What happens if my credit card or passport get stolen while traveling?
Do not wait to report your card lost or stolen. This might cost you some money depending on your location but a collect call is worth not having your money taken from you. Here are some numbers for the more popular credit card companies.
- Visa: tel. 303.967.1096
- MasterCard: tel. 636.722.7111
- American Express: tel. 336.393.111
Although we hope it doesn’t happen, if your passport gets stolen or is lost abroad, read the U.S. Department of State’s instructions for what to do so you can get home. The copies of your driver’s license will come in handy.
5. Save money while traveling
Did you know you can claim VAT returns? The standard European Union Value-Added Tax ranges from 8% to 27% depending on the country. The exact rates vary and change depending on the goods. You won’t be entitled to refunds on the tax you spend on hotels and meals, but you can get back most of the tax you paid on stuff like clothes and trinkets. For the full process, check this out.
6. Watch out for pickpockets
Unfortunately, you’ll need to remember that you are not at home. Tourists often fall victim to pickpockets because they are the easiest to pickpocket as they’re looking around or in awe admiring a landmark. Easy things to avoid while abroad include:
- Never leave a bag on the floor or hanging off the back of a chair in a restaurant.
- Be alert when stepping out of a taxi or rideshare service with your bags. Your focus might be on paying the driver or making sure you’re at the right location; the focus of a thief is on your bags.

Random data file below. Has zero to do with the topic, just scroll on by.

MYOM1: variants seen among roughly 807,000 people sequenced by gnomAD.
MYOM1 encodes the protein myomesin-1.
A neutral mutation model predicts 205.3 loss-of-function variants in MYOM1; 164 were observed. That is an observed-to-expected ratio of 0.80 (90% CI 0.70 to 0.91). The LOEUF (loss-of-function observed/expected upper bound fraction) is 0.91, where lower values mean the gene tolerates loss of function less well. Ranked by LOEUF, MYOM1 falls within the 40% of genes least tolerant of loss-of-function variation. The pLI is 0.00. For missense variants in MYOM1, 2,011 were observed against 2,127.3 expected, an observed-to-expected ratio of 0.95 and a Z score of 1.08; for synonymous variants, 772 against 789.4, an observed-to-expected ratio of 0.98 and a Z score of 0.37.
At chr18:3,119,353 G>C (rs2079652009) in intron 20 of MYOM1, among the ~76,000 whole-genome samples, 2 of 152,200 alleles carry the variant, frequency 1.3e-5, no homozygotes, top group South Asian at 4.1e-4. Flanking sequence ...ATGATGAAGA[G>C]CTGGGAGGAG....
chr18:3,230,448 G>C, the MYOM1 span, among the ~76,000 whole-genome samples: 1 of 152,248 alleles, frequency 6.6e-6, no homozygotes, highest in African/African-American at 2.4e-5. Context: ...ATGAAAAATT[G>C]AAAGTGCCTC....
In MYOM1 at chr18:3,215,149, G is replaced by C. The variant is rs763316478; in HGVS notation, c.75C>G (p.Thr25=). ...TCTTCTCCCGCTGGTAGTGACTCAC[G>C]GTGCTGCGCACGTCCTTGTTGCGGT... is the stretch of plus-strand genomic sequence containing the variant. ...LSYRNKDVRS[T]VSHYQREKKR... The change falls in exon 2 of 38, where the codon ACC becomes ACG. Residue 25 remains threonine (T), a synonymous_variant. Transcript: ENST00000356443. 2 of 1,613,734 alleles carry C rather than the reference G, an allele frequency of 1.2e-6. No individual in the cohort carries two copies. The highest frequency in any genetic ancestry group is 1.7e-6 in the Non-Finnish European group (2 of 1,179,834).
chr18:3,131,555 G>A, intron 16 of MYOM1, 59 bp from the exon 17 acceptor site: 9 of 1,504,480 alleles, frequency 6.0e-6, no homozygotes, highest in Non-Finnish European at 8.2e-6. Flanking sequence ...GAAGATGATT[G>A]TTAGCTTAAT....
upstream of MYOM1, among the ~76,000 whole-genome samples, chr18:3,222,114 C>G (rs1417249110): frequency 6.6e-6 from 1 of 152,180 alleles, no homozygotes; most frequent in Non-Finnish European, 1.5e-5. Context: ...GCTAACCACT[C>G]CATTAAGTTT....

7. Review purchases as you go
A simple way to keep track of both your set budget (if you have a set budget for your trip) and your purchases is to check them out online. Most if not all financial institutions have a mobile app that makes this easy (you can find Andigo on the Google Pay Store and the Apple Store).
If your financial institution is falling behind on the times, you might have to resort to opening a page on your mobile browser and logging in that way, or you might consider switching to a modern financial institution like us!
8. Travel insurance
Travel insurance isn’t necessarily a must-have. You might not be traveling with items that would significantly affect you financially. However, if you’re worried about theft, having to cut the trip short, or having to cancel it entirely, travel insurance is something to look into. It’s a great way to protect against the endless tirade of what-ifs. It’s also worth mentioning that having travel insurance might help with the urge to fight for your things against a thief. You should never risk your well-being for items that can be replaced. They are replaceable, you are not! Don’t know where to get travel insurance? Contact your financial institution — they might be affiliated with an insurance agency that can help.
Money and financial security can be some of the most stressful factors of your vacation. Keeping your credit cards safe and your documents secure can be the difference between an unforgettable vacation in a good way or in a bad way. If you follow these tips, you’ll be set up for success. Bon voyage!